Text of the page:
I do love me Paradox strategy games like Hearts of Iron or Europa Universalis....but I wish they would cut out the expansions and put expansion content in the original releases. It's common knowledge to not buy a paradox strat game on release, you have to wait for the first expansion for it to fix the game and add stuff that should have already been in.
GDC Europe 2011: Magicka publisher Paradox Interactive explains the dos and don'ts of dealing with publishers and the benefits of a small budget.
Who was there: In a session titled "Developer + Publisher = Partnership," three speakers were on hand to discuss their experience working for PC strategy games publisher Paradox Interactive (Magicka, Mount & Blade). Those three were Paradox CEO Fredrik Wester, VP of publishing Susana Meza Graham, and Shams Jorjani, described by Wester as the company's multitalented "corporate paladin."
What they talked about: The session was a wide-reaching discussion about developer-publisher relations that covered everything from marketing philosophies to game budgets. However, the crux of the presentation was the importance of trust between publisher and developer.
"You have contracts that stipulate most things, but 99 percent of the time you make a game it's a trust business. The contract is just there for when the s*** hits the fan," said Jorjani. He went on to stress that trust begins with a developer doing its homework before jumping into a publishing deal. Developers have to know the track record of a publisher, which means examining previous marketing efforts and actually going out and talking with other development teams who have worked with a certain publisher in the past. "But it's also important to know yourself," said Jorjani. "You need to be humble, and you need to be able to talk about your limitations."
Jorjani also suggested that the most effective publishing deals are the ones that start with long-term relationships in mind. Developers learn a great deal about themselves and the publisher relationship after the first game is shipped, and it's when they begin work on a second and third game in a publishing deal that they can best apply lessons learned earlier. Using a video game metaphor, Jorjani likened this learning period to the XP you earn in a role-playing game. Rather than reset your character, you instead convert that XP into new skills and abilities that you never had before.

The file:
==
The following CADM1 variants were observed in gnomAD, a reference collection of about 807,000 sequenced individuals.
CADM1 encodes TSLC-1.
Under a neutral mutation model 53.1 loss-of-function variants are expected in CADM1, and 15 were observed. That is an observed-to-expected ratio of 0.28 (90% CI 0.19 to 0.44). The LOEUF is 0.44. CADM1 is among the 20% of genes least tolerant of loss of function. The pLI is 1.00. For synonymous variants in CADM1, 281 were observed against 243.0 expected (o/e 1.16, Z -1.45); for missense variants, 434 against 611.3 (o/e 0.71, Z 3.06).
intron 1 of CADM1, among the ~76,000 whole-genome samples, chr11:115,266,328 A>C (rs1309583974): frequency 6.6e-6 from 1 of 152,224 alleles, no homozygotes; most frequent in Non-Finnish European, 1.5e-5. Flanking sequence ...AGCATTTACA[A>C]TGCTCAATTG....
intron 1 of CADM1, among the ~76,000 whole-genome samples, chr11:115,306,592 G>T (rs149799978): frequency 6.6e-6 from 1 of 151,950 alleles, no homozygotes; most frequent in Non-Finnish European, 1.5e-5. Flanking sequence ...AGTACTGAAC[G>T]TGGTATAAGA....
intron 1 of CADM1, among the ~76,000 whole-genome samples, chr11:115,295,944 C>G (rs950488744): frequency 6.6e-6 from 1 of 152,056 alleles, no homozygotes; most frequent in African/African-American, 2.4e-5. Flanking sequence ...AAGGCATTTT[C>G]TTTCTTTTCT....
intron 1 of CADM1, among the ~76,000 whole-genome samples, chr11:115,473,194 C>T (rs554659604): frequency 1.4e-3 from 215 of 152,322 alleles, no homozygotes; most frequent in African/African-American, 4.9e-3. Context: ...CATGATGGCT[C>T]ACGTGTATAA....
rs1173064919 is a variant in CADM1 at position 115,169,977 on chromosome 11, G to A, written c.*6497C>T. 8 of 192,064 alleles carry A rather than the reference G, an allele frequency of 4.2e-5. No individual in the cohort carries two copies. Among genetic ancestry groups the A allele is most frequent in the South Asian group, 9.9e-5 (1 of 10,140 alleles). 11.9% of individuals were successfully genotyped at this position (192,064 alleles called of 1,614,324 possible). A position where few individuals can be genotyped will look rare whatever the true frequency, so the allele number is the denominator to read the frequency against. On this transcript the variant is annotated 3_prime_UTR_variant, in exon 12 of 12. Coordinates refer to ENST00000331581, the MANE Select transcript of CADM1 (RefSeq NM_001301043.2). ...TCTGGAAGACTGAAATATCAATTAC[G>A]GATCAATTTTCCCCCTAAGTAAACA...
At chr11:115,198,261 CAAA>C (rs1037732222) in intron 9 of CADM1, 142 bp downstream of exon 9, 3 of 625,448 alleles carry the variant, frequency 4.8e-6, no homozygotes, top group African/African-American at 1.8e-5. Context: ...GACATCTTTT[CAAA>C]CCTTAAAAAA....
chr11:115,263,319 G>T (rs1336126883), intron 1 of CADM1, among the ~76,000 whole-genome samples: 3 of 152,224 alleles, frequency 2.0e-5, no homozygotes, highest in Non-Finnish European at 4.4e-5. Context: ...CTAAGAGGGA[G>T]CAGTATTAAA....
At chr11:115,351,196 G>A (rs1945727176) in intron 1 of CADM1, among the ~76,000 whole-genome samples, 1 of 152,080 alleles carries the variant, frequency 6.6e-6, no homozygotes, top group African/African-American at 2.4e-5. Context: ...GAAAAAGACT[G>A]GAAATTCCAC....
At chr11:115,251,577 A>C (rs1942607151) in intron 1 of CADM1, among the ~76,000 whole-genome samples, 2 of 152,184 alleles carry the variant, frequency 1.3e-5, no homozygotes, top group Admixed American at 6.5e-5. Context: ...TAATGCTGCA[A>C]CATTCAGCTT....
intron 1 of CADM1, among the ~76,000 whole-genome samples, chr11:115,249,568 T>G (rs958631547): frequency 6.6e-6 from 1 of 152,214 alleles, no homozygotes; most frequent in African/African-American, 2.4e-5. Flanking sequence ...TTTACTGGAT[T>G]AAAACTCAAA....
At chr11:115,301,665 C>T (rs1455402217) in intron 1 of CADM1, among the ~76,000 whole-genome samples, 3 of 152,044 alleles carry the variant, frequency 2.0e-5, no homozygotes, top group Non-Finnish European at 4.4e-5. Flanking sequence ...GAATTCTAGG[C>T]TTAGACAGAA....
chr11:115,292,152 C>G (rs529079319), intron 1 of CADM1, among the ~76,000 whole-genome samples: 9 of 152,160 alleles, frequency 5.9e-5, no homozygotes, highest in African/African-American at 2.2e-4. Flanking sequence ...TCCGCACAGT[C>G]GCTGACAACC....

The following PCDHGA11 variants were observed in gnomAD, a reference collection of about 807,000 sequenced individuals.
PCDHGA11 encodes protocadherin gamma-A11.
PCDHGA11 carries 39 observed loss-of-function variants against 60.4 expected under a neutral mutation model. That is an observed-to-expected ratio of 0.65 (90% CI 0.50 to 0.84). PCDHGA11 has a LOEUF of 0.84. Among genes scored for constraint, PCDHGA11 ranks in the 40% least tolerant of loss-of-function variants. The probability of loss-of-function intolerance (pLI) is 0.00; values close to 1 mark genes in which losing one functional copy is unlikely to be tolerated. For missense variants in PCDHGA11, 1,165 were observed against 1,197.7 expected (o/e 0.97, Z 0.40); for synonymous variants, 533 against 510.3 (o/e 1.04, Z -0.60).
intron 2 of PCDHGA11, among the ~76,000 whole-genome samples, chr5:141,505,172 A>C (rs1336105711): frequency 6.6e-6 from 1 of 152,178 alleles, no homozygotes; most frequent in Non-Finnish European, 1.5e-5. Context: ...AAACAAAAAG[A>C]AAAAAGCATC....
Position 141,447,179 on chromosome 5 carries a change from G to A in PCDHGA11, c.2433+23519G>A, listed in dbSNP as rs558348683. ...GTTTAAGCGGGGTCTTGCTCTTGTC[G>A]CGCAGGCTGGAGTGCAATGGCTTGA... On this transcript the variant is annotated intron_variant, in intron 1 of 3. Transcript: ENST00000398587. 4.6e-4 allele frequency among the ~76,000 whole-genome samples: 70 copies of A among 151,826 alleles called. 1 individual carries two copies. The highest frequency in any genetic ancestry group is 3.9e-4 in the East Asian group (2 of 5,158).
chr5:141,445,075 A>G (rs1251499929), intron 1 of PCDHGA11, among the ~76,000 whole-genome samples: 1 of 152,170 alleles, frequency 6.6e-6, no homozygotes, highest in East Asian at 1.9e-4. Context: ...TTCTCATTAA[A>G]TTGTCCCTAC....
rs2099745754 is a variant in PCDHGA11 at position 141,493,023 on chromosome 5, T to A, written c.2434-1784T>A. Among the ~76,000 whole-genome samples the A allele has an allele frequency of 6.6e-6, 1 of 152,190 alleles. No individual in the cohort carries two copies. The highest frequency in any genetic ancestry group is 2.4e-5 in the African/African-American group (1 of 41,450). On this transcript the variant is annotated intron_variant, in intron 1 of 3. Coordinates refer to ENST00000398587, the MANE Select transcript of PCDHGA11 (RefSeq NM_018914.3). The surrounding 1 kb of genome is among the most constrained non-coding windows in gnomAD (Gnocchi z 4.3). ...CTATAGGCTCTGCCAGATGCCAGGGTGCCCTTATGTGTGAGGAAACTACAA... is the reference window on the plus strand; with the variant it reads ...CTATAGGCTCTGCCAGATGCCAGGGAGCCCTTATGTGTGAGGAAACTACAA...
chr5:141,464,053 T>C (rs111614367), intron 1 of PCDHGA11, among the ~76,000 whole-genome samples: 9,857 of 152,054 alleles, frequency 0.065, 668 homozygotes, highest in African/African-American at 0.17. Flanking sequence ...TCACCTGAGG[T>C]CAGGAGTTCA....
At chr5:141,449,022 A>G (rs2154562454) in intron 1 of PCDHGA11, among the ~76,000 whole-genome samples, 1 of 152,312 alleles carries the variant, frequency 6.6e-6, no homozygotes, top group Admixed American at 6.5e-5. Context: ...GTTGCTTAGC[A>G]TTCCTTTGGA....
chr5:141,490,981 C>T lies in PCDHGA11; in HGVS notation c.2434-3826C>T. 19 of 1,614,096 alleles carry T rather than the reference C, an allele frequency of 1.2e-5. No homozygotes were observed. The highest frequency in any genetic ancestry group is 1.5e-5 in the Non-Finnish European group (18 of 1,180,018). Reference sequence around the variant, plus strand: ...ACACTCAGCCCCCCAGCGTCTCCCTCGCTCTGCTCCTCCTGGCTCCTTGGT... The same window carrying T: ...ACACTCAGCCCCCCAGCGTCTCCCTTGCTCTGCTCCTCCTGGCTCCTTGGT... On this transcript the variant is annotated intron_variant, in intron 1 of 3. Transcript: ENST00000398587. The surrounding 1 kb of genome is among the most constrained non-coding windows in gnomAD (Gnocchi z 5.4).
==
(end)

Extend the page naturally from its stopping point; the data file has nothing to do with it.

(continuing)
Meza Graham focused her discussion on the marketing end of a publishing deal, jokingly referring to it as "the dark side" of the games industry. She carried on that theme of trust by talking about how important it is for the two parties in a developer-publisher relationship to work together in the overall marketing effort and for developers to know when to hand over control to the publisher and when to take part themselves. "When you do sign with a publisher, decide that you're going to trust the publisher to use their experience, what they've seen before with what works and doesn't work in the marketing area," said Meza Graham. "It's important that you relinquish control and let us do what we do best."
However, Meza Graham pointed out that relinquishing control to a publisher doesn't mean they're going to handle all the work. A developer does sometimes need to take an active role in marketing when the situation calls for it. After PC gaming blog Rock Paper Shotgun posted a "scathing impression" of the Paradox-published Ship Simulation Extremes, Meza Graham urged the developer to write a counter piece based on her experience with audiences reacting well to developers displaying a vocal sense of humor about their games. While developer VSTEP was initially reluctant to do so while working on the game's first patch, Meza Graham managed to convince them to pen a response, which she said went on to resonate very well with Rock Paper Shotgun's readers.